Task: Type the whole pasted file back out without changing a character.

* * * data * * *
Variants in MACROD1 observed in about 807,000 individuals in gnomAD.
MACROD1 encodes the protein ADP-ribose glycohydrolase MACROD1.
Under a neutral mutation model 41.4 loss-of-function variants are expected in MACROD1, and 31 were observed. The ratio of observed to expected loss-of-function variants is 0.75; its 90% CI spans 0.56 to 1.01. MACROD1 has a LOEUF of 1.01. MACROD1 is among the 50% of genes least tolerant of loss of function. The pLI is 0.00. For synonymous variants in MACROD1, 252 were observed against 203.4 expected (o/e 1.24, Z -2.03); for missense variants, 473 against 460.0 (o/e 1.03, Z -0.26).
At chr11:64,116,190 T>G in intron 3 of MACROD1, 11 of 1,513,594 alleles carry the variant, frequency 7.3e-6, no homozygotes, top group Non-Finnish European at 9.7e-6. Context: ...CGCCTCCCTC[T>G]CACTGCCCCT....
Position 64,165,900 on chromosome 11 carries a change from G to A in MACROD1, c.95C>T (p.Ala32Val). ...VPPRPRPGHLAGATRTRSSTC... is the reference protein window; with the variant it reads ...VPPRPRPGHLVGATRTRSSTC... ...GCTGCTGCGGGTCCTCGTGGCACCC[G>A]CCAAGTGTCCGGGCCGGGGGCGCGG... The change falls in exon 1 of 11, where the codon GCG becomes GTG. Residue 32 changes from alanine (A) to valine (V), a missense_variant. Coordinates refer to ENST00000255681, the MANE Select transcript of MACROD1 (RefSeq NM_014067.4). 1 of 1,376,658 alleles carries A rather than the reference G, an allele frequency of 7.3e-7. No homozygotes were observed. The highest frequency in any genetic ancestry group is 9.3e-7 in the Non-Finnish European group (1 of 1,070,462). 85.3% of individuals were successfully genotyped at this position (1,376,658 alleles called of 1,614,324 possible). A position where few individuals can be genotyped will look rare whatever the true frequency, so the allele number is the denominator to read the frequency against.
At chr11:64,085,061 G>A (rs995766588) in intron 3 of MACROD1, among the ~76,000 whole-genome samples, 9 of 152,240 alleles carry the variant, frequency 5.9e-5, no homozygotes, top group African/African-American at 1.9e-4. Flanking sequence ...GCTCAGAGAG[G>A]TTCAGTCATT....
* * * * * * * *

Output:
Variants in MACROD1 observed in about 807,000 individuals in gnomAD.
MACROD1 encodes the protein ADP-ribose glycohydrolase MACROD1.
Under a neutral mutation model 41.4 loss-of-function variants are expected in MACROD1, and 31 were observed. The ratio of observed to expected loss-of-function variants is 0.75; its 90% CI spans 0.56 to 1.01. MACROD1 has a LOEUF of 1.01. MACROD1 is among the 50% of genes least tolerant of loss of function. The pLI is 0.00. For synonymous variants in MACROD1, 252 were observed against 203.4 expected (o/e 1.24, Z -2.03); for missense variants, 473 against 460.0 (o/e 1.03, Z -0.26).
At chr11:64,116,190 T>G in intron 3 of MACROD1, 11 of 1,513,594 alleles carry the variant, frequency 7.3e-6, no homozygotes, top group Non-Finnish European at 9.7e-6. Context: ...CGCCTCCCTC[T>G]CACTGCCCCT....
Position 64,165,900 on chromosome 11 carries a change from G to A in MACROD1, c.95C>T (p.Ala32Val). ...VPPRPRPGHLAGATRTRSSTC... is the reference protein window; with the variant it reads ...VPPRPRPGHLVGATRTRSSTC... ...GCTGCTGCGGGTCCTCGTGGCACCC[G>A]CCAAGTGTCCGGGCCGGGGGCGCGG... The change falls in exon 1 of 11, where the codon GCG becomes GTG. Residue 32 changes from alanine (A) to valine (V), a missense_variant. Coordinates refer to ENST00000255681, the MANE Select transcript of MACROD1 (RefSeq NM_014067.4). 1 of 1,376,658 alleles carries A rather than the reference G, an allele frequency of 7.3e-7. No homozygotes were observed. The highest frequency in any genetic ancestry group is 9.3e-7 in the Non-Finnish European group (1 of 1,070,462). 85.3% of individuals were successfully genotyped at this position (1,376,658 alleles called of 1,614,324 possible). A position where few individuals can be genotyped will look rare whatever the true frequency, so the allele number is the denominator to read the frequency against.
At chr11:64,085,061 G>A (rs995766588) in intron 3 of MACROD1, among the ~76,000 whole-genome samples, 9 of 152,240 alleles carry the variant, frequency 5.9e-5, no homozygotes, top group African/African-American at 1.9e-4. Flanking sequence ...GCTCAGAGAG[G>A]TTCAGTCATT....